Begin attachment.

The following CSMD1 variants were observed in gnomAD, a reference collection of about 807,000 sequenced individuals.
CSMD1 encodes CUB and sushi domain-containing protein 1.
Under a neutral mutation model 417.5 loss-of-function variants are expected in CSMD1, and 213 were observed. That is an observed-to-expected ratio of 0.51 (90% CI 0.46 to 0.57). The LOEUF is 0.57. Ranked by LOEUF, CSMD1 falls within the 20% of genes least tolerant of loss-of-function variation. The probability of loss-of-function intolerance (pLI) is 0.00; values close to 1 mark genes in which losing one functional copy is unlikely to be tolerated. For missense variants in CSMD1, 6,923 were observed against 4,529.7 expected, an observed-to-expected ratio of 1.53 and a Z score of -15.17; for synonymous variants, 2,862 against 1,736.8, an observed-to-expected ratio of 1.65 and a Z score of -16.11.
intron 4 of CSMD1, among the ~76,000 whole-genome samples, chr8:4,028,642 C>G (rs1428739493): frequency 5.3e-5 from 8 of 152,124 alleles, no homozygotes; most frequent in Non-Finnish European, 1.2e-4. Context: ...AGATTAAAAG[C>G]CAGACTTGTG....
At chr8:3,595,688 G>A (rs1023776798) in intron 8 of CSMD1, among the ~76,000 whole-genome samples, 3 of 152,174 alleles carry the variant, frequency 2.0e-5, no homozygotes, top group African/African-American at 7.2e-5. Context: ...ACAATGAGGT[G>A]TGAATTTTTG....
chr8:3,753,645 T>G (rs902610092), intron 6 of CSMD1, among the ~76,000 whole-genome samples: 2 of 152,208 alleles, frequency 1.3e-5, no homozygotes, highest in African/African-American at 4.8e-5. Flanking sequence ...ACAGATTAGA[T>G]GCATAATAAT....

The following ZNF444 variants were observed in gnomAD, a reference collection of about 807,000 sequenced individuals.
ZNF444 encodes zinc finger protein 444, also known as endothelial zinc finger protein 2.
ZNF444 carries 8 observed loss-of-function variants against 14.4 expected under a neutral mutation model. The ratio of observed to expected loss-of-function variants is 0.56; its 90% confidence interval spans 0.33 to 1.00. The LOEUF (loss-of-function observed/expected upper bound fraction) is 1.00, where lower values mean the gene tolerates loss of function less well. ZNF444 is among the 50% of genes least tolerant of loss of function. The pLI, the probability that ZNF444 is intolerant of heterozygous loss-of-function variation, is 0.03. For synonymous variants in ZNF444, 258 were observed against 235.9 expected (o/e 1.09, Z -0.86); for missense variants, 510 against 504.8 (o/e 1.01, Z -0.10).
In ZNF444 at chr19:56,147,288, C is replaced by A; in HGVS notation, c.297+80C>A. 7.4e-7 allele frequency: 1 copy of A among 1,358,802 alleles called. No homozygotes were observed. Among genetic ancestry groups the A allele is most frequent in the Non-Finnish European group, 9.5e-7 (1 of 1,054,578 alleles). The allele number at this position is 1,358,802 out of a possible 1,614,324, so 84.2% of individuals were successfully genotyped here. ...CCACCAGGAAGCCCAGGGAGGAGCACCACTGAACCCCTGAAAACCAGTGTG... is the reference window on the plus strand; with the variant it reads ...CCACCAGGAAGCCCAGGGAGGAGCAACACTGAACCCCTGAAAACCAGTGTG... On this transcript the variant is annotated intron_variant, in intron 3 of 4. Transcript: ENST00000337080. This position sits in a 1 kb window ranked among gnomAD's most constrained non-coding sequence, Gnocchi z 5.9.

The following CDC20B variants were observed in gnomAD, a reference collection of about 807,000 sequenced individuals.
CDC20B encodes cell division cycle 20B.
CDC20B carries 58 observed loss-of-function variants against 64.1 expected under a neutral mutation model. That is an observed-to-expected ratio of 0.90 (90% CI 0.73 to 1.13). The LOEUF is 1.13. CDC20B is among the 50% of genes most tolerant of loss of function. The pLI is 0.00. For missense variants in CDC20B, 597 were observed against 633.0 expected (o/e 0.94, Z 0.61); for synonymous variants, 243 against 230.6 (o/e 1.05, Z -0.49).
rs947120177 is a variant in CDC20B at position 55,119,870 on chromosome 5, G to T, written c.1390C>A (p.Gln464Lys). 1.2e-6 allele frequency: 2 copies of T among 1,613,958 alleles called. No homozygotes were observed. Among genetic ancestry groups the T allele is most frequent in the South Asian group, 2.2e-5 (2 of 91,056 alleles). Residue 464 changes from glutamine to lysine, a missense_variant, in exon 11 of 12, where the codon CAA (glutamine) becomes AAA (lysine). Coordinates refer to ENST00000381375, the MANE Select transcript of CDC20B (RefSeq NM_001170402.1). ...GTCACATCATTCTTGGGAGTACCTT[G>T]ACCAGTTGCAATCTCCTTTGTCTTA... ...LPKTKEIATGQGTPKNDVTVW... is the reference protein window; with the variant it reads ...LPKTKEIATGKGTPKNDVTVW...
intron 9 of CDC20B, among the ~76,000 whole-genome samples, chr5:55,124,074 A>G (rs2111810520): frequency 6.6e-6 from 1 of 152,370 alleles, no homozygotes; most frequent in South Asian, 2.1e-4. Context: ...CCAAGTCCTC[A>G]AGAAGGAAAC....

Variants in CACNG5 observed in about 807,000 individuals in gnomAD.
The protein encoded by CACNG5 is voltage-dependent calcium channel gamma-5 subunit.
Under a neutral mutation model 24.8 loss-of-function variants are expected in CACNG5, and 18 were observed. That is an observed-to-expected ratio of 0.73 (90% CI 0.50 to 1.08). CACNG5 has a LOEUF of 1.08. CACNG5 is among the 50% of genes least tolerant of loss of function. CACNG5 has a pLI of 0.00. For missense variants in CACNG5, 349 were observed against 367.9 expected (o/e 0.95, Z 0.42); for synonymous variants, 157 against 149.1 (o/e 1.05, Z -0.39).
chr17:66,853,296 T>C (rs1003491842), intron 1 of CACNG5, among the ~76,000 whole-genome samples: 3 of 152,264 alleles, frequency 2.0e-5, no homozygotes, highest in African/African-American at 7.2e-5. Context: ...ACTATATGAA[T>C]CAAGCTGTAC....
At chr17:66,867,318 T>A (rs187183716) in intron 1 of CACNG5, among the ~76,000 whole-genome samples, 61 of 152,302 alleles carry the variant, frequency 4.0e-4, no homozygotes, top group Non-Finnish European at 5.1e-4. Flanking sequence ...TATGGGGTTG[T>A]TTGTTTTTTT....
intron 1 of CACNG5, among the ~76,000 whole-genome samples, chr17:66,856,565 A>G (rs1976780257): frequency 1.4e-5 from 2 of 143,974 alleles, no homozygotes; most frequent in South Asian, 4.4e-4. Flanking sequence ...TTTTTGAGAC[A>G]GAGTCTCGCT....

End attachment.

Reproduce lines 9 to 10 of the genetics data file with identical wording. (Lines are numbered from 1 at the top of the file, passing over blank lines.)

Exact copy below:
ZNF444 carries 8 observed loss-of-function variants against 14.4 expected under a neutral mutation model. The ratio of observed to expected loss-of-function variants is 0.56; its 90% confidence interval spans 0.33 to 1.00. The LOEUF (loss-of-function observed/expected upper bound fraction) is 1.00, where lower values mean the gene tolerates loss of function less well. ZNF444 is among the 50% of genes least tolerant of loss of function. The pLI, the probability that ZNF444 is intolerant of heterozygous loss-of-function variation, is 0.03. For synonymous variants in ZNF444, 258 were observed against 235.9 expected (o/e 1.09, Z -0.86); for missense variants, 510 against 504.8 (o/e 1.01, Z -0.10).
In ZNF444 at chr19:56,147,288, C is replaced by A; in HGVS notation, c.297+80C>A. 7.4e-7 allele frequency: 1 copy of A among 1,358,802 alleles called. No homozygotes were observed. Among genetic ancestry groups the A allele is most frequent in the Non-Finnish European group, 9.5e-7 (1 of 1,054,578 alleles). The allele number at this position is 1,358,802 out of a possible 1,614,324, so 84.2% of individuals were successfully genotyped here. ...CCACCAGGAAGCCCAGGGAGGAGCACCACTGAACCCCTGAAAACCAGTGTG... is the reference window on the plus strand; with the variant it reads ...CCACCAGGAAGCCCAGGGAGGAGCAACACTGAACCCCTGAAAACCAGTGTG... On this transcript the variant is annotated intron_variant, in intron 3 of 4. Transcript: ENST00000337080. This position sits in a 1 kb window ranked among gnomAD's most constrained non-coding sequence, Gnocchi z 5.9.